Three Honolulu police officers are free of criminal charges in connection with the shooting death of a 16-year-old crime spree suspect after an Oahu district court judge ruled the prosecution did not present sufficient evidence that the trio committed murder and attempted murder.
The officers embraced their attorneys in a tearful exchange of bear hugs and congratulated one another amidst cries of relief from their families in the gallery.
“We are pleased with today’s decision. This has been challenging for our officers, the department and many in our community,” Acting Honolulu police Chief Rade K. Vanic said, in a statement. “Throughout this time, our officers have continued to serve with pride and professionalism. I thank the HPD ohana for their support.”
It was the second time the judicial system declined to prosecute the officers for the death of Iremamber Sykap, the driver of white, Honda Civic stolen from Kailua that was wanted in connection with an escalating series of violent robberies and a home invasion where the victims reported the suspects were wielding firearms. An Oahu Grand Jury did not return a true bill against the men prior to Prosecuting Attorney Steven S. Alm’s decision to charge them via criminal complaint.
“The Department of the Prosecuting Attorney is very disappointed by Judge Domingo’s ruling today relating to the officer-involved shooting of Iremamber Sykap,” said Matthew S. Dvonch, Special Counsel to the Prosecuting Attorney, in a statement.
Alm will be holding a press conference on Monday, August 23 to discuss the case.
Judge William M. Domingo ultimately sided with the defense, who argued the officers and the public were in grave danger and opened fire only after repeated attempts to pull Sykap and his crew over. They knew the car and its occupants were wanted in connection with two gunpoint robberies and a home invasion where victims told police two men threatened them with firearms, moments before they ignored commands by Fredeluces and Thom to surrender.
Sykap and his alleged accomplices gave no indication of surrendering as they led officers on a high speed chase from Kawaikui Beach park to Kalakaua Avenue, weaving through traffic, blowing through stop lights, stop signs, and intersections and at one point, hopping a median and leading officers into oncoming traffic.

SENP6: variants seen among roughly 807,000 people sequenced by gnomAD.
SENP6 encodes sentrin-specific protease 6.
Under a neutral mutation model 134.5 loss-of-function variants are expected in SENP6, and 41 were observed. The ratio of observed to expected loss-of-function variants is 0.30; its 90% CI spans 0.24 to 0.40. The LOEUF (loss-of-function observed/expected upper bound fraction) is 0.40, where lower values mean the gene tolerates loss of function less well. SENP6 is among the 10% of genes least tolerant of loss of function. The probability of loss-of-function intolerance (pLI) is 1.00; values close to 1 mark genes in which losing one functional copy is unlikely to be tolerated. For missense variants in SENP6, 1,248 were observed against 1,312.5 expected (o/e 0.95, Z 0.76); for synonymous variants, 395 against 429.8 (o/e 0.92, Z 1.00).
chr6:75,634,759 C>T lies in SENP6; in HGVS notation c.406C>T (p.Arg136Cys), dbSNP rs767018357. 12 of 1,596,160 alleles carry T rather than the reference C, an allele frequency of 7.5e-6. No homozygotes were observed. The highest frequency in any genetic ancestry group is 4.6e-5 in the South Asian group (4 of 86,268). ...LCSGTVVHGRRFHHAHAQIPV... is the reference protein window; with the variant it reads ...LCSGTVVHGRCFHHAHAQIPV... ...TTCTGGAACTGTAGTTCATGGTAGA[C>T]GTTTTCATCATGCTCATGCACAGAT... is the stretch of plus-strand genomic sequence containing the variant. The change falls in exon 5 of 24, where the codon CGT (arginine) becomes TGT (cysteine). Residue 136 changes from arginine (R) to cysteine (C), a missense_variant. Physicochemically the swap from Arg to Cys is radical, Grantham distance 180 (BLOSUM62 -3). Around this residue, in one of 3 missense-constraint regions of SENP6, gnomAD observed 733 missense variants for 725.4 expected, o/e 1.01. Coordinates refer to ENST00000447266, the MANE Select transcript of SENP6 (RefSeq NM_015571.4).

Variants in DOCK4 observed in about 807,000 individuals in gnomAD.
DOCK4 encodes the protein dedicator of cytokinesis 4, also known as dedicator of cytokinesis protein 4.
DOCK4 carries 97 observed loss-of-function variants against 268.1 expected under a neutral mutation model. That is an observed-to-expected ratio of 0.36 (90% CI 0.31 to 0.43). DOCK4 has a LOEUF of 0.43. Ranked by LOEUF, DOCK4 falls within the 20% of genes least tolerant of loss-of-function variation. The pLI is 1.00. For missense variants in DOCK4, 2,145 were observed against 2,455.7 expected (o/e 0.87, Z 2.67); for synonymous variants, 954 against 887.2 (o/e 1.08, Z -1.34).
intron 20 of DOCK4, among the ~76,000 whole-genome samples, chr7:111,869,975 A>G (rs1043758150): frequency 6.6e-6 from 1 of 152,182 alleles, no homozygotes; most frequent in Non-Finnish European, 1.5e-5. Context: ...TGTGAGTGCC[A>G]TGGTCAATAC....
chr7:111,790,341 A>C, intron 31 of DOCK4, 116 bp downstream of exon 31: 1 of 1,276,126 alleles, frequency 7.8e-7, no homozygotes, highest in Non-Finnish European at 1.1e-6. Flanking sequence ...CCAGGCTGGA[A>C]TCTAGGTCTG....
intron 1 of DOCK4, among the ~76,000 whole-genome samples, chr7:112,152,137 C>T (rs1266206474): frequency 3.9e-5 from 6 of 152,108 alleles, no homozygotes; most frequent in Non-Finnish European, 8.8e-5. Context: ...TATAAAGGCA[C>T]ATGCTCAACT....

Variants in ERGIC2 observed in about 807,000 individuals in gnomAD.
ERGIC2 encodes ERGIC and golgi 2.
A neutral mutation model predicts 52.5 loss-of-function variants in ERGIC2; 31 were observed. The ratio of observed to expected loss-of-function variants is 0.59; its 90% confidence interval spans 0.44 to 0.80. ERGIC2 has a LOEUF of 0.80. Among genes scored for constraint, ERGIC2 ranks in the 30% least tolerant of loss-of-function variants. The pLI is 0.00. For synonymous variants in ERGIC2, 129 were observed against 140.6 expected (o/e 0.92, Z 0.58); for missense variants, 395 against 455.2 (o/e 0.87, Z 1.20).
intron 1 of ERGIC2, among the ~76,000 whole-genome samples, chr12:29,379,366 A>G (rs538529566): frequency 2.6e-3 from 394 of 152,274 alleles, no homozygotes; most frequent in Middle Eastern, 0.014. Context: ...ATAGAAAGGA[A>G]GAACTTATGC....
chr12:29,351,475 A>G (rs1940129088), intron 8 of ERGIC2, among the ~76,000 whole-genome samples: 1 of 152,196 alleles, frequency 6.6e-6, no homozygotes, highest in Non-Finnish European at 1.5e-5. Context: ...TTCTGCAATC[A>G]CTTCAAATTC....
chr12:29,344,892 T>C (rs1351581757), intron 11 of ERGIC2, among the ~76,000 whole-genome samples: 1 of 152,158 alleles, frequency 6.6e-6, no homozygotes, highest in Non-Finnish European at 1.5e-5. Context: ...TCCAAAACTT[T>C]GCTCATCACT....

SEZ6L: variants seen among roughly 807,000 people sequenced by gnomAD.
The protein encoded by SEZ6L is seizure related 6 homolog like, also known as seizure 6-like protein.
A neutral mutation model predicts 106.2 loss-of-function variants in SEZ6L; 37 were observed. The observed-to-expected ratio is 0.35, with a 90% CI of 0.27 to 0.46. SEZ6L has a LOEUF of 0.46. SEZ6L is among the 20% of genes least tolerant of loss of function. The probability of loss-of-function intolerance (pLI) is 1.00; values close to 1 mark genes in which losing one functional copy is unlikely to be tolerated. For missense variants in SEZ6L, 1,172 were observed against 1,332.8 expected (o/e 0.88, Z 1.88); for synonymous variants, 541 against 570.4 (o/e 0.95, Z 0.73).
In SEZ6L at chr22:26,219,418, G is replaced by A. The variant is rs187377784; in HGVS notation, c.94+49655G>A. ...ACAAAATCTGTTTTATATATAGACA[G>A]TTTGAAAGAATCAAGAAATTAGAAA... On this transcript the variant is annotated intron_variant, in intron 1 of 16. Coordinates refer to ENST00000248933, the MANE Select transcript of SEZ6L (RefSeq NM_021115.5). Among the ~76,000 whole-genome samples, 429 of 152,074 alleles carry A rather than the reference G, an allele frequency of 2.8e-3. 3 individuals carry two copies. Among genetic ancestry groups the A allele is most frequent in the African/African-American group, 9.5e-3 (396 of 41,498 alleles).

Domingo dismissed the charges on the sixth day of the officers’ preliminary hearing, deciding that there was insufficient evidence to put the men on trial.
He said the incident and the evidence could not be evaluated through frame by frame captures of the officers’ body worn camera footage nor could the officers be expected to take the time to confirm the threat following a high speed pursuit of a car and a group of suspects wanted for an escalating series of gun crimes.
“We cannot chop it up,” said Domingo, explaining his ruling. “We have a situation where it is not static, the danger is always present.”
Geoffrey H.L. Thom, 42, Zackary K. Ah Nee, 26, and Christopher J. Fredeluces, 40, were part of the third watch shift that was told a white Honda Civic with Texas plates was connected to a series of crimes of brazen crimes where victims saw guns and feared for their lives.
Thom, a five-year HPD veteran, was charged with second-degree murder after allegedly firing more than 10 shots into the back of the vehicle, hitting Sykap eight times. Ah Nee, 26, who has been with the department for three years, and Fredeluces, who has 10 years of service, faced charges of second-degree attempted murder for firing their 9 mm Glock sidearms into the car.
Sykap had methamphetamine in his system at the time of his death and investigators found gunshot residue on him and the other occupants of the Civic. Police recovered a replica, air soft handgun, exactly where the trio told investigators they saw it, in the front passenger side of the vehicle. A crystal methamphetamine pipe and live rounds of real ammunition were also recovered from the car.
Domingo’s decision comes after months of protests by advocates of police transparency and non-violent tactics. They were countered by large, organized shows of support by passionate police supporters, off duty officers, fire fighters and union officials. The decision to charge the officers divided the law enforcement community as many officers scoffed at the charges following the grand jury’s decision.
“We thank Judge Domingo for his fairness and objectivity throughout this hearing. Based on the evidence, it is no surprise that the prosecutor has failed before the Grand Jury and now the Court,” said Ah Nee’s attorney, Thomas M. Otake in a statement. “Words cannot express how much overwhelmingsupport from the community has meant to Zac, and we are deeply grateful. It is our continued hope that the community can recognize that supporting the officers and understanding their actions, can coexist with a feeling of deep sympathy for the loss of the Sykap family.”
Thom smiled and embraced other officers as he left the courtroom.
“Officer Thom is grateful and humbled by the outpouring of community support for himself and his fellow officers during this difficult matter,” his attorney, Richard H.S. Sing said in a statement. “Now that the Department of the Prosecuting Attorney has failed before both the Grand Jury and the court, we hope that these baseless accusations will never be repeated.”
The officers were greeted by cheers as they left the court house, while their colleagues, including State of Hawaii Organization of Police Officers President Malcolm Lutu, embraced them, shook their hands, and smiled.
“The Grand Jury spoke first, and now this Court has spoken. Freddy is deeply grateful for the overwhelming support from the community,” said Glendon.
Lutu said the ruling demonstrates what SHOPO maintained all along, the officers followed their training